A description of tides near the Chesapeake Bay entrance using in situ data with an adjoint model

Z. R. Hallock, P. Pistek, J. W. Book, J. L. Miller, Lynn K Shay, H. T. Perkins

Research output: Contribution to journalArticle

4 Citations (Scopus)

Abstract

Time series of surface elevation and current velocity in the vicinity of the Chesapeake Bay entrance are assimilated into a linear, barotropic model using an iterative adjoint method. Tide surface elevations, NOAA-NOS tidal data, moored acoustic Doppler current profiler (ADCP), and ocean surface current radar (OSCR) data are included in the assimilation. Data are analyzed for three tidal constituents (M2, S2, O1); tidal series are constructed from these constituents and then used in the model assimilations. Statistics of predicted currents compare favorably with those calculated from data not used in the assimilation. An error analysis of the data distribution is performed for the M2 tidal component, showing lower errors near assimilation data series but large errors, particularly for velocity, at some locations. Addition of a hypothetical current mooring dramatically reduces errors over most of the domain. We believe these results give the most demonstrably accurate description now available of tidal currents for this region of strong currents and heavy shipping.

Original languageEnglish (US)
Pages (from-to)20-21
Number of pages2
JournalJournal of Geophysical Research C: Oceans
Volume108
Issue number3
StatePublished - Mar 15 2003

Fingerprint

Chesapeake Bay (US)
Tides
tides
entrances
tide
assimilation
Mooring
Freight transportation
Iterative methods
Error analysis
Time series
adjoint method
Radar
tidal constituent
Acoustics
Statistics
Acoustic Doppler Current Profiler
error analysis
tidal current
shipping

Keywords

  • Chesapeake Bay
  • Data assimilation
  • Tides

ASJC Scopus subject areas

  • Earth and Planetary Sciences (miscellaneous)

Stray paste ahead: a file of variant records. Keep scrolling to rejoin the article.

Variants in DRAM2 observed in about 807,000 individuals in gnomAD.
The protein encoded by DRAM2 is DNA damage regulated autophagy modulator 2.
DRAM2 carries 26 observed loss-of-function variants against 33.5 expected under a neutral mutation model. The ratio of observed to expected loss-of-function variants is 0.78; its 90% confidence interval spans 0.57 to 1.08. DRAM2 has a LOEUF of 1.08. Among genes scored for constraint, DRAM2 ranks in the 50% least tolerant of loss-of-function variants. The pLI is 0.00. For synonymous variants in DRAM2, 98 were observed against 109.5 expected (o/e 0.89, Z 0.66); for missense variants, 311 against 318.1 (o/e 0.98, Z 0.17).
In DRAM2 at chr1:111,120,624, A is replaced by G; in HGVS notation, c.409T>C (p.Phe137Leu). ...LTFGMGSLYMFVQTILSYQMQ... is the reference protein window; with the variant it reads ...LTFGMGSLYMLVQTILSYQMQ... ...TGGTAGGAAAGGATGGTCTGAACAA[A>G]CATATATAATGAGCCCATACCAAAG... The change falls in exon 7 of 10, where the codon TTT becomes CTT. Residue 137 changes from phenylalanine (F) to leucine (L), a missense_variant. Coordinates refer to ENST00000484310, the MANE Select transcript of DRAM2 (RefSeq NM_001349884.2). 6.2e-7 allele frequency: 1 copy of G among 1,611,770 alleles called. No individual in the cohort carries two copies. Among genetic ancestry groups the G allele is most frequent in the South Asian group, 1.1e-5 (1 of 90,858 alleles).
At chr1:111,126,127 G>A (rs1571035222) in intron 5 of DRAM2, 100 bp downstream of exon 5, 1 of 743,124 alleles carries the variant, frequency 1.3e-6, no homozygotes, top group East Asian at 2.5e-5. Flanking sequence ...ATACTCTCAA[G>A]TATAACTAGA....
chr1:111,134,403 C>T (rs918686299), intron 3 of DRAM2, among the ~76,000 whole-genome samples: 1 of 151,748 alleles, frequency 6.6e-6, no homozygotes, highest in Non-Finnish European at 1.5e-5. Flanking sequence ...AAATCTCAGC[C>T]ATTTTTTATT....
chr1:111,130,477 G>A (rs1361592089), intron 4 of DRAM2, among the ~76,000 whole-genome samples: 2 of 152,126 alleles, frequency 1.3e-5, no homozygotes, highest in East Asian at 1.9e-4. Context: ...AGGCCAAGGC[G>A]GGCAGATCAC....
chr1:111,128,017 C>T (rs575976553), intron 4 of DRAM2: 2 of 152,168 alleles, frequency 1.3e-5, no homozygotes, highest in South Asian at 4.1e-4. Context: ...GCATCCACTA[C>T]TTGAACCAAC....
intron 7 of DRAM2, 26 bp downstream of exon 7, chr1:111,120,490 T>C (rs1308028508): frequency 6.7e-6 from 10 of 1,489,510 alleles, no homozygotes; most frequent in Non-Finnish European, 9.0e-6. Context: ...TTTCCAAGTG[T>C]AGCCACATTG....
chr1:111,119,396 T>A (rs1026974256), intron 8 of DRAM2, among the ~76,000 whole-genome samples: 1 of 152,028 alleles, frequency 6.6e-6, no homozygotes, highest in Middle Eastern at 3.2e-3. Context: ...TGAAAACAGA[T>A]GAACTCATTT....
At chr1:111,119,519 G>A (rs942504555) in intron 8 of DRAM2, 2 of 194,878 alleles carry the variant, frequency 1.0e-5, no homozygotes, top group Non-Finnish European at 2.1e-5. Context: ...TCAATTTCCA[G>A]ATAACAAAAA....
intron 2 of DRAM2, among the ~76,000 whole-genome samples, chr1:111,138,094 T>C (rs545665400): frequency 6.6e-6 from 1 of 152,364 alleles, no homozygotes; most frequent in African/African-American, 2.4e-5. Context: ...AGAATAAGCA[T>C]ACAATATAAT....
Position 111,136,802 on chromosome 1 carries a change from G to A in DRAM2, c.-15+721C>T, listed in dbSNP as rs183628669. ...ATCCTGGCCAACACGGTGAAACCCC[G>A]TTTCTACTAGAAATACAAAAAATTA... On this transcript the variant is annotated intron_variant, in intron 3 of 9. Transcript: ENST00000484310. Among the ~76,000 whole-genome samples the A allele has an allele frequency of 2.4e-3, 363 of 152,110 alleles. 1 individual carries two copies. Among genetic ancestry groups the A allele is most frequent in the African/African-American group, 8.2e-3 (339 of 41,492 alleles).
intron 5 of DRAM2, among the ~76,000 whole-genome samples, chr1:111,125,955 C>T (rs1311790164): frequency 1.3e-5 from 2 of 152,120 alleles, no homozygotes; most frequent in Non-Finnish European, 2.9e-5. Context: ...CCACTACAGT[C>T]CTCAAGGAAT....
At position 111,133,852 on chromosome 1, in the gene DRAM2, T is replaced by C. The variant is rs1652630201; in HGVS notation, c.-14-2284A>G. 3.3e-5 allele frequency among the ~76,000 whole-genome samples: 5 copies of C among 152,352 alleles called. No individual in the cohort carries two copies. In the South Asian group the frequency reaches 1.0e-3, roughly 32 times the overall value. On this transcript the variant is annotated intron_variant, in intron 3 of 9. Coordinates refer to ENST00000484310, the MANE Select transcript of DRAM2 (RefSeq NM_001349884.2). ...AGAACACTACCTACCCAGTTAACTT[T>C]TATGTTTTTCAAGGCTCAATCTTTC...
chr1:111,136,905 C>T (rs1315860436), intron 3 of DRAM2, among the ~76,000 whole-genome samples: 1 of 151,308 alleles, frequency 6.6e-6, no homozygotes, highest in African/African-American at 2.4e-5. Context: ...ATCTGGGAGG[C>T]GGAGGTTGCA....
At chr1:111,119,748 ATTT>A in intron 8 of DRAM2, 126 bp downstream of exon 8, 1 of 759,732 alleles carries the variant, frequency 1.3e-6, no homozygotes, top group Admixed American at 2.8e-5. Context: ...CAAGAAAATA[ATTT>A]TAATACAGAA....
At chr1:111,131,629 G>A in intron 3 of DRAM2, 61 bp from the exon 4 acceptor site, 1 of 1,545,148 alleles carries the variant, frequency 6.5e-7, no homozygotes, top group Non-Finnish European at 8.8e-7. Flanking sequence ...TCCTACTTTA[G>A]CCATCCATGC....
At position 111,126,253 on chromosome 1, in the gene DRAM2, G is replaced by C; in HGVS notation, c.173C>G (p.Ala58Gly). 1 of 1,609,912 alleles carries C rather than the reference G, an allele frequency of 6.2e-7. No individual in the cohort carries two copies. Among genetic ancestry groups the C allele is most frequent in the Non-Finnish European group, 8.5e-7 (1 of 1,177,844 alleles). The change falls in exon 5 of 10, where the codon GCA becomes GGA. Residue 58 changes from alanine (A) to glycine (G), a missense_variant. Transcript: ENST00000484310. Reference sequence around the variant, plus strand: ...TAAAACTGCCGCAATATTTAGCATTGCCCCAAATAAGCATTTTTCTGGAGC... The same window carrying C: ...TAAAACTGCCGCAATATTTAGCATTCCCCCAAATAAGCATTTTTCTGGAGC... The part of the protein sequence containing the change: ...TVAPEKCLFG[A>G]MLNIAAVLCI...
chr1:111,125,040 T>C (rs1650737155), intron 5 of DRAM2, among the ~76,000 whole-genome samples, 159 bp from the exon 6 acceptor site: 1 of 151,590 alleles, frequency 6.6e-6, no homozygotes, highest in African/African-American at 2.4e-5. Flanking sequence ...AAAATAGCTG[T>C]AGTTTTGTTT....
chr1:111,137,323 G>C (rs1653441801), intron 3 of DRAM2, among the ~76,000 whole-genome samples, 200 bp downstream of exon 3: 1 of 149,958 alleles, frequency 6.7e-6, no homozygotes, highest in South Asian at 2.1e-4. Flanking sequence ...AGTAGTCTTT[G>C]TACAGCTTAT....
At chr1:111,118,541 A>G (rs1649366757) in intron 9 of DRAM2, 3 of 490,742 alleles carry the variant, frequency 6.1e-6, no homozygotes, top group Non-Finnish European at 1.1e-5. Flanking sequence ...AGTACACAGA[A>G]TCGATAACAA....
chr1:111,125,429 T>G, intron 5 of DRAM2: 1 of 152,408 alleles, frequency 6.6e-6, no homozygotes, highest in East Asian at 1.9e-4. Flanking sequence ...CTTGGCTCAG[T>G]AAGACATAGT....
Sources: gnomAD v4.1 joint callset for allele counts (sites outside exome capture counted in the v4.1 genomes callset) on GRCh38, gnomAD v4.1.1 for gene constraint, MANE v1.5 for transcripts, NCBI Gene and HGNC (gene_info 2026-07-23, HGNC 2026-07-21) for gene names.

• Atmospheric Science
  • Geochemistry and Petrology
  • Geophysics
  • Oceanography
  • Space and Planetary Science
  • Astronomy and Astrophysics

Cite this

Hallock, Z. R., Pistek, P., Book, J. W., Miller, J. L., Shay, L. K., & Perkins, H. T. (2003). A description of tides near the Chesapeake Bay entrance using in situ data with an adjoint model. Journal of Geophysical Research C: Oceans, 108(3), 20-21.

A description of tides near the Chesapeake Bay entrance using in situ data with an adjoint model. / Hallock, Z. R.; Pistek, P.; Book, J. W.; Miller, J. L.; Shay, Lynn K; Perkins, H. T.

In: Journal of Geophysical Research C: Oceans, Vol. 108, No. 3, 15.03.2003, p. 20-21.

Research output: Contribution to journalArticle

Hallock, ZR, Pistek, P, Book, JW, Miller, JL, Shay, LK & Perkins, HT 2003, 'A description of tides near the Chesapeake Bay entrance using in situ data with an adjoint model', Journal of Geophysical Research C: Oceans, vol. 108, no. 3, pp. 20-21.
Hallock, Z. R. ; Pistek, P. ; Book, J. W. ; Miller, J. L. ; Shay, Lynn K ; Perkins, H. T. / A description of tides near the Chesapeake Bay entrance using in situ data with an adjoint model. In: Journal of Geophysical Research C: Oceans. 2003 ; Vol. 108, No. 3. pp. 20-21.
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AU - Pistek, P.

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N2 - Time series of surface elevation and current velocity in the vicinity of the Chesapeake Bay entrance are assimilated into a linear, barotropic model using an iterative adjoint method. Tide surface elevations, NOAA-NOS tidal data, moored acoustic Doppler current profiler (ADCP), and ocean surface current radar (OSCR) data are included in the assimilation. Data are analyzed for three tidal constituents (M2, S2, O1); tidal series are constructed from these constituents and then used in the model assimilations. Statistics of predicted currents compare favorably with those calculated from data not used in the assimilation. An error analysis of the data distribution is performed for the M2 tidal component, showing lower errors near assimilation data series but large errors, particularly for velocity, at some locations. Addition of a hypothetical current mooring dramatically reduces errors over most of the domain. We believe these results give the most demonstrably accurate description now available of tidal currents for this region of strong currents and heavy shipping.

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